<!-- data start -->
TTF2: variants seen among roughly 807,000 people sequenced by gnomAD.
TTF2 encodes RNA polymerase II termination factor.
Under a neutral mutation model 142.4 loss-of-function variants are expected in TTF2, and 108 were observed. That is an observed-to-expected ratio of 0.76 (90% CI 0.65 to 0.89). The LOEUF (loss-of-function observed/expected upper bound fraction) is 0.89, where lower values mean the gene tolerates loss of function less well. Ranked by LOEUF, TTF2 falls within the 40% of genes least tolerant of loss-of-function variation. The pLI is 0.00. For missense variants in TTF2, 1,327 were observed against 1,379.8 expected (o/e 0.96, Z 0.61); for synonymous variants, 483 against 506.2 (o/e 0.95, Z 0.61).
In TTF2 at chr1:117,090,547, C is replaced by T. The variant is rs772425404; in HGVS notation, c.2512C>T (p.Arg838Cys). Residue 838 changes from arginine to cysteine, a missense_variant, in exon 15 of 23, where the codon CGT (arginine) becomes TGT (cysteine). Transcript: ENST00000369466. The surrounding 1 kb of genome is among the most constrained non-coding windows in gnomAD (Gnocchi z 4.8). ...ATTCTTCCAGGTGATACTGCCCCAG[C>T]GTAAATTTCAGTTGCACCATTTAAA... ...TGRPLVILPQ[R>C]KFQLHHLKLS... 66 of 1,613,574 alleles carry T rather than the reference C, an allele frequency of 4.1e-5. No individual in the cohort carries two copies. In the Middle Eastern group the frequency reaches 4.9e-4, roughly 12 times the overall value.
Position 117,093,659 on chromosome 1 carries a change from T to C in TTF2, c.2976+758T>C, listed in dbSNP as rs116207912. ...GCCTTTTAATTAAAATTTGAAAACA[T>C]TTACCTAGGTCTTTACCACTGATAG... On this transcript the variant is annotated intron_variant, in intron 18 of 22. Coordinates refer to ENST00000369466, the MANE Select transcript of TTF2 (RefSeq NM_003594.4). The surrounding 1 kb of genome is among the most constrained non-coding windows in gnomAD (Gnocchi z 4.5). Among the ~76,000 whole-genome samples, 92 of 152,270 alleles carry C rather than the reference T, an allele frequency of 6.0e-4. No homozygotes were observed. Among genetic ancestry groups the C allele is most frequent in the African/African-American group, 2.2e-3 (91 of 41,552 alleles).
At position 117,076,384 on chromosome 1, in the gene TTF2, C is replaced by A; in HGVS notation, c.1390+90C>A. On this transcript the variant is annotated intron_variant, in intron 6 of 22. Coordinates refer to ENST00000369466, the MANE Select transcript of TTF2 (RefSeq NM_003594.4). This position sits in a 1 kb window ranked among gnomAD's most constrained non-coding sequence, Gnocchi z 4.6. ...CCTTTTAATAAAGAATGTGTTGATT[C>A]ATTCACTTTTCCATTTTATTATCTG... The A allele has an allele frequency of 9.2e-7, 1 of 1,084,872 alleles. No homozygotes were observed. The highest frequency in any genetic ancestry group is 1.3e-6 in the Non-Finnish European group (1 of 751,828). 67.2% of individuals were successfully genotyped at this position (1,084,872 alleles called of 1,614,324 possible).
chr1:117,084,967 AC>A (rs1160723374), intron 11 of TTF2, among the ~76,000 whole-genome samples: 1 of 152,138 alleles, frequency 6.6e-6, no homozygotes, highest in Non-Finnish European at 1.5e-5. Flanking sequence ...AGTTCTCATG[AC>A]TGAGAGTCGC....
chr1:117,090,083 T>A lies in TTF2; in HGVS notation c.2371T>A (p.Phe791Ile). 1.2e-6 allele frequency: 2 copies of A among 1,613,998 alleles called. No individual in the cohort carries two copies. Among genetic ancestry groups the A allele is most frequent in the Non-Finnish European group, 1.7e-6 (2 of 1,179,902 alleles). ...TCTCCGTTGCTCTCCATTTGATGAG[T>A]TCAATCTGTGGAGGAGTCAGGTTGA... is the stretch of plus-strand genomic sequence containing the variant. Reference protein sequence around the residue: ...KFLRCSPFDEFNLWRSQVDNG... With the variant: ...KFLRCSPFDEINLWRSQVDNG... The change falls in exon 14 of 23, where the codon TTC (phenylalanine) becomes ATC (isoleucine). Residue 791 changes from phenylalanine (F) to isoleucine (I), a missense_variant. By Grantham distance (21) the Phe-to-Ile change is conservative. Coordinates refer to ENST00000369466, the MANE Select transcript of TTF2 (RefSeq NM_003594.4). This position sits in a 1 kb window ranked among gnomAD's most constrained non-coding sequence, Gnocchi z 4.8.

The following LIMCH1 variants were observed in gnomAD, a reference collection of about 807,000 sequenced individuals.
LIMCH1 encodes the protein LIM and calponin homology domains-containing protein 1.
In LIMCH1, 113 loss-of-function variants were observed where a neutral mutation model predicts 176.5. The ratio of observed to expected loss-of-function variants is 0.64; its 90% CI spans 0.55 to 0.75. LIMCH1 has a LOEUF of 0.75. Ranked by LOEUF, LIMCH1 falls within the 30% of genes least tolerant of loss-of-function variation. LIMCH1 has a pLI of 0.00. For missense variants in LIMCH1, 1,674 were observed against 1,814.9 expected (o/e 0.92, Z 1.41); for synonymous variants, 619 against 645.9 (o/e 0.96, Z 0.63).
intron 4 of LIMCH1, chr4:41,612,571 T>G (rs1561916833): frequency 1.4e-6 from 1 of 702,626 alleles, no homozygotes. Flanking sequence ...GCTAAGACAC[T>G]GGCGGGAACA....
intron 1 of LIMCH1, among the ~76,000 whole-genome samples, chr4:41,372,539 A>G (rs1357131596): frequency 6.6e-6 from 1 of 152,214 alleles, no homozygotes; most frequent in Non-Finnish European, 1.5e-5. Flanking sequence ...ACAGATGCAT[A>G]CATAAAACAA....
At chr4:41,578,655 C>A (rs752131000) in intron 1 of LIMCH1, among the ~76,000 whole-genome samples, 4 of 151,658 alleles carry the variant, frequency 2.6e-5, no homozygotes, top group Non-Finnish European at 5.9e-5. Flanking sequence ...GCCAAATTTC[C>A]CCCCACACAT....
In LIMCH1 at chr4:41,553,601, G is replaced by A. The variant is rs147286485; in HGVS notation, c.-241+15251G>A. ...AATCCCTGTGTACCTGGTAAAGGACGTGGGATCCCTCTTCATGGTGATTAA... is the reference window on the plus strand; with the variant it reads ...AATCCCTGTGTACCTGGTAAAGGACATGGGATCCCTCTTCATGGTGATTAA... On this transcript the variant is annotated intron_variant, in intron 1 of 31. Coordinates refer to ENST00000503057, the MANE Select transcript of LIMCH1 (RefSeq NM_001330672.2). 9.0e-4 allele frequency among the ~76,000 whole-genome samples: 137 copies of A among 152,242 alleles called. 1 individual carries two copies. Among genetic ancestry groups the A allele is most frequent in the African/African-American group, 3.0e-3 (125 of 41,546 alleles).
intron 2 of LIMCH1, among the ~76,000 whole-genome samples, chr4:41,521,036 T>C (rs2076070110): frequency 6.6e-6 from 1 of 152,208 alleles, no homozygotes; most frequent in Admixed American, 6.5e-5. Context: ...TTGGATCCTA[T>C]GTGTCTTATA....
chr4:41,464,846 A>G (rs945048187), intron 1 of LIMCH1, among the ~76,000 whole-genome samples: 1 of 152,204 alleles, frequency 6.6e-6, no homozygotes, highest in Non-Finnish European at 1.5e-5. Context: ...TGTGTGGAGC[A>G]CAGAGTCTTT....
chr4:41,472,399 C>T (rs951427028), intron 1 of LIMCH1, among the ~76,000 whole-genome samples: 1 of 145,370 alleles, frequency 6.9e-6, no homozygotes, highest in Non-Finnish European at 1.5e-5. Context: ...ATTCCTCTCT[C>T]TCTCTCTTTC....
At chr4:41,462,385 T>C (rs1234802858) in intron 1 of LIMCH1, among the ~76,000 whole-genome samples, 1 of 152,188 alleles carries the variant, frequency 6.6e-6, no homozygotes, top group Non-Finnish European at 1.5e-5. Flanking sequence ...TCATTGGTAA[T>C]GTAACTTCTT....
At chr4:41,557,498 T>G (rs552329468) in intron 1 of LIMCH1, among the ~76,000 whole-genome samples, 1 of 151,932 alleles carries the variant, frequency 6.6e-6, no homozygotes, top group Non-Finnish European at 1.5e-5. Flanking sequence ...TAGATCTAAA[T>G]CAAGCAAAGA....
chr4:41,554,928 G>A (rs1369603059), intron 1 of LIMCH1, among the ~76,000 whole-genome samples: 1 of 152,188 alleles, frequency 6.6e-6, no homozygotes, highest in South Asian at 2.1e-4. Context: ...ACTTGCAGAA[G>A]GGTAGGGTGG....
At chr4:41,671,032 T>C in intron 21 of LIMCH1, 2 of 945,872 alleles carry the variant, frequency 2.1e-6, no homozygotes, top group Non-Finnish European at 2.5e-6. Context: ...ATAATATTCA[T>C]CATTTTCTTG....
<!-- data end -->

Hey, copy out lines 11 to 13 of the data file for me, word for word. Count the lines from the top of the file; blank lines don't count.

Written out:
In LIMCH1, 113 loss-of-function variants were observed where a neutral mutation model predicts 176.5. The ratio of observed to expected loss-of-function variants is 0.64; its 90% CI spans 0.55 to 0.75. LIMCH1 has a LOEUF of 0.75. Ranked by LOEUF, LIMCH1 falls within the 30% of genes least tolerant of loss-of-function variation. LIMCH1 has a pLI of 0.00. For missense variants in LIMCH1, 1,674 were observed against 1,814.9 expected (o/e 0.92, Z 1.41); for synonymous variants, 619 against 645.9 (o/e 0.96, Z 0.63).
intron 4 of LIMCH1, chr4:41,612,571 T>G (rs1561916833): frequency 1.4e-6 from 1 of 702,626 alleles, no homozygotes. Flanking sequence ...GCTAAGACAC[T>G]GGCGGGAACA....
intron 1 of LIMCH1, among the ~76,000 whole-genome samples, chr4:41,372,539 A>G (rs1357131596): frequency 6.6e-6 from 1 of 152,214 alleles, no homozygotes; most frequent in Non-Finnish European, 1.5e-5. Flanking sequence ...ACAGATGCAT[A>G]CATAAAACAA....